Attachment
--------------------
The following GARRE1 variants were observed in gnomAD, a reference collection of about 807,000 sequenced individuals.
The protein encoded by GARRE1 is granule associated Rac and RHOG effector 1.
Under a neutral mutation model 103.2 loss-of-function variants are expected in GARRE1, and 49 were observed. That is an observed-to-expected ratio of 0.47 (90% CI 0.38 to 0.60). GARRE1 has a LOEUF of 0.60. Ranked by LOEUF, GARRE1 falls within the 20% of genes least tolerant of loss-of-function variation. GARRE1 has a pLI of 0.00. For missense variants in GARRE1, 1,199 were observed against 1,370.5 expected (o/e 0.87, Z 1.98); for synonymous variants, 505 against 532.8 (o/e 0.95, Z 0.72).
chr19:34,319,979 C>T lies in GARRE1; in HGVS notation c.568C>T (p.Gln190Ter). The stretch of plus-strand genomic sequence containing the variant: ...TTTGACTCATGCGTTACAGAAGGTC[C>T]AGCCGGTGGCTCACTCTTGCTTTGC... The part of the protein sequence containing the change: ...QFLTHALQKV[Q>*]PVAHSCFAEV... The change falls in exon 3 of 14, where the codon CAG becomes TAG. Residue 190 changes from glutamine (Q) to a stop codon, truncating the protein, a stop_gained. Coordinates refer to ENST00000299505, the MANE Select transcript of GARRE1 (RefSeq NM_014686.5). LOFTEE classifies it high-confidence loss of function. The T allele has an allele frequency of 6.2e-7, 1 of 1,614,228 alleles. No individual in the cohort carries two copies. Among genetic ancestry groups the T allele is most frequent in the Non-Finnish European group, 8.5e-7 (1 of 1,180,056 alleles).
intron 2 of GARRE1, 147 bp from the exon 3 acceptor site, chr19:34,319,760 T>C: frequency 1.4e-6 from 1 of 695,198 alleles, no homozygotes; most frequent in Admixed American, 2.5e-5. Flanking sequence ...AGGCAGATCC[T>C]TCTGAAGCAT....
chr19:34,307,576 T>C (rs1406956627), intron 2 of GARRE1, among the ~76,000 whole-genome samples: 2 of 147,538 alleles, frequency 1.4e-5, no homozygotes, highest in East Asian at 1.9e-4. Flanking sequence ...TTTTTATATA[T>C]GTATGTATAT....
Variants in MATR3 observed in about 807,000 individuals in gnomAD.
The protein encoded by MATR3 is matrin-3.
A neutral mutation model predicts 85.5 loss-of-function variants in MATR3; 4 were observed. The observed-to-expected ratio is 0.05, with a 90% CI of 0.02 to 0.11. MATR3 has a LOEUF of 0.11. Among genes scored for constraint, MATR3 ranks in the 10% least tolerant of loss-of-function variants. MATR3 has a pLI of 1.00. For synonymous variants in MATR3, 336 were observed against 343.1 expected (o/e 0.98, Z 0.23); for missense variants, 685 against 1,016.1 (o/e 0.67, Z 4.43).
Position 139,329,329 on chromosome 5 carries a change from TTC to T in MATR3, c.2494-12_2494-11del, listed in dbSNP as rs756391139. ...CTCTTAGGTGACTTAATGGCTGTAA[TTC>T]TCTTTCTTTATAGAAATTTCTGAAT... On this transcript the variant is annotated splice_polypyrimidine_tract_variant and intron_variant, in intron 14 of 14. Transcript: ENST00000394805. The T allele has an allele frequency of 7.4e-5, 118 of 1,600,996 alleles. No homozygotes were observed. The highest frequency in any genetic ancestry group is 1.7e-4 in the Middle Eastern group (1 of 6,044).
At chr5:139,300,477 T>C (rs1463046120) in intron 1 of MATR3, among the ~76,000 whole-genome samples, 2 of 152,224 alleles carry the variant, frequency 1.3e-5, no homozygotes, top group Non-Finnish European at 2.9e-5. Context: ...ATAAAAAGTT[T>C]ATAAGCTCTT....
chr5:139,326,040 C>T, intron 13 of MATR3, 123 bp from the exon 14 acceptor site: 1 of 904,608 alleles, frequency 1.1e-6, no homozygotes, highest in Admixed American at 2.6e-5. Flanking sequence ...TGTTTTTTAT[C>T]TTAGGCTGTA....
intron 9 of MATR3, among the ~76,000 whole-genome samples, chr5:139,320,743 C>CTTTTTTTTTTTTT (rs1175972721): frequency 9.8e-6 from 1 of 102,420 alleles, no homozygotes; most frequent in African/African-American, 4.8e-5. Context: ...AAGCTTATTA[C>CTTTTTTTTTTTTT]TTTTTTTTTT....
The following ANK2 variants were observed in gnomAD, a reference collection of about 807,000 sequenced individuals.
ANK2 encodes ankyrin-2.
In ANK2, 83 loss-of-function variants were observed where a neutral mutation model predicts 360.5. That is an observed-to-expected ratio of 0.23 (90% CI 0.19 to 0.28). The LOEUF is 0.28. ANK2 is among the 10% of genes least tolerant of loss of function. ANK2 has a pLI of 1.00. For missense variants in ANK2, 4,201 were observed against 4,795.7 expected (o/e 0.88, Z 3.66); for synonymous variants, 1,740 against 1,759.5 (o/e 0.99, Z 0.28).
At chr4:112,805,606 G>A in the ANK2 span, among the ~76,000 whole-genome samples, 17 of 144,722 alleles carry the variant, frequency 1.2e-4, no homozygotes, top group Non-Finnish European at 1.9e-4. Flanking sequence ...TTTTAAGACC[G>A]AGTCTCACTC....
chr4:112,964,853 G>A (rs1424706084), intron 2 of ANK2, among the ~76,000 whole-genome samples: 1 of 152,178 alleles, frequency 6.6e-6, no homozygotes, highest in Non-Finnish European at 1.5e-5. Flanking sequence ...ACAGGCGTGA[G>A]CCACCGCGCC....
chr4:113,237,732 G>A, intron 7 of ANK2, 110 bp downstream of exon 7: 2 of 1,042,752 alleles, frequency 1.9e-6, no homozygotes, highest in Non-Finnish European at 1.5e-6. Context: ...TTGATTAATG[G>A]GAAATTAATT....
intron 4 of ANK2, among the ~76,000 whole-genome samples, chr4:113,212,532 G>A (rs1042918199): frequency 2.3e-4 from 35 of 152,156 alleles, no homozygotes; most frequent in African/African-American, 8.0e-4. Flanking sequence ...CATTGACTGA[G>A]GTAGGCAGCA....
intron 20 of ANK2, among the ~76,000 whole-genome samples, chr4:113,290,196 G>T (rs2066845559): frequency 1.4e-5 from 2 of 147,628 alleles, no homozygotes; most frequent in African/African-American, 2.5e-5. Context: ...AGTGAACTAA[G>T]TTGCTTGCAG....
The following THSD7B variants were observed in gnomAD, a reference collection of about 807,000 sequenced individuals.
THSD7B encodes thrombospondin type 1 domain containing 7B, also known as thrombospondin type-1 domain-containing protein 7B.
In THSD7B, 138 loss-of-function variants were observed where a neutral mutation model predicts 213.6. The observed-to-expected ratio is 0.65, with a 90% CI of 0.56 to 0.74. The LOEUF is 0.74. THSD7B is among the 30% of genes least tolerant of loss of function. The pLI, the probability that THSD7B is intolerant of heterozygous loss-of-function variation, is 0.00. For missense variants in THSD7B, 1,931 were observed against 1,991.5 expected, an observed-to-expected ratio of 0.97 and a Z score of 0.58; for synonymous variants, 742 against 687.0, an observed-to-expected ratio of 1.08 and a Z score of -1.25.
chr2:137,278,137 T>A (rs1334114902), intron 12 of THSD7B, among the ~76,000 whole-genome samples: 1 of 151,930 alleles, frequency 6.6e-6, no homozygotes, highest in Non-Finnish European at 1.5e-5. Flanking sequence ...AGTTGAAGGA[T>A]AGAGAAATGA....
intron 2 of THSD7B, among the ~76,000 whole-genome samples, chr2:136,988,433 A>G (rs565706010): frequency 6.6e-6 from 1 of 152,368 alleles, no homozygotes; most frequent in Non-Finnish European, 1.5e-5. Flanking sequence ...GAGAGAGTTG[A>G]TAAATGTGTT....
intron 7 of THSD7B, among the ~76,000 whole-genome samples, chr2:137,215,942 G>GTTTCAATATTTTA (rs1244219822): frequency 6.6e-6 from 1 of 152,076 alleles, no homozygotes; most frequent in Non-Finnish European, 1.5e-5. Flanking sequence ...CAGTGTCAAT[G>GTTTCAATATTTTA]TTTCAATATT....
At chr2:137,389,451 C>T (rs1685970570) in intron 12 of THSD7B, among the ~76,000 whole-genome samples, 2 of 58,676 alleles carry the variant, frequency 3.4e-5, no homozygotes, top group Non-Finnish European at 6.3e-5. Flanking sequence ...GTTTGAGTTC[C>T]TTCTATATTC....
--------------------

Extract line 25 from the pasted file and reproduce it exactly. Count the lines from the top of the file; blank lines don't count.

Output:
chr2:137,278,137 T>A (rs1334114902), intron 12 of THSD7B, among the ~76,000 whole-genome samples: 1 of 151,930 alleles, frequency 6.6e-6, no homozygotes, highest in Non-Finnish European at 1.5e-5. Flanking sequence ...AGTTGAAGGA[T>A]AGAGAAATGA....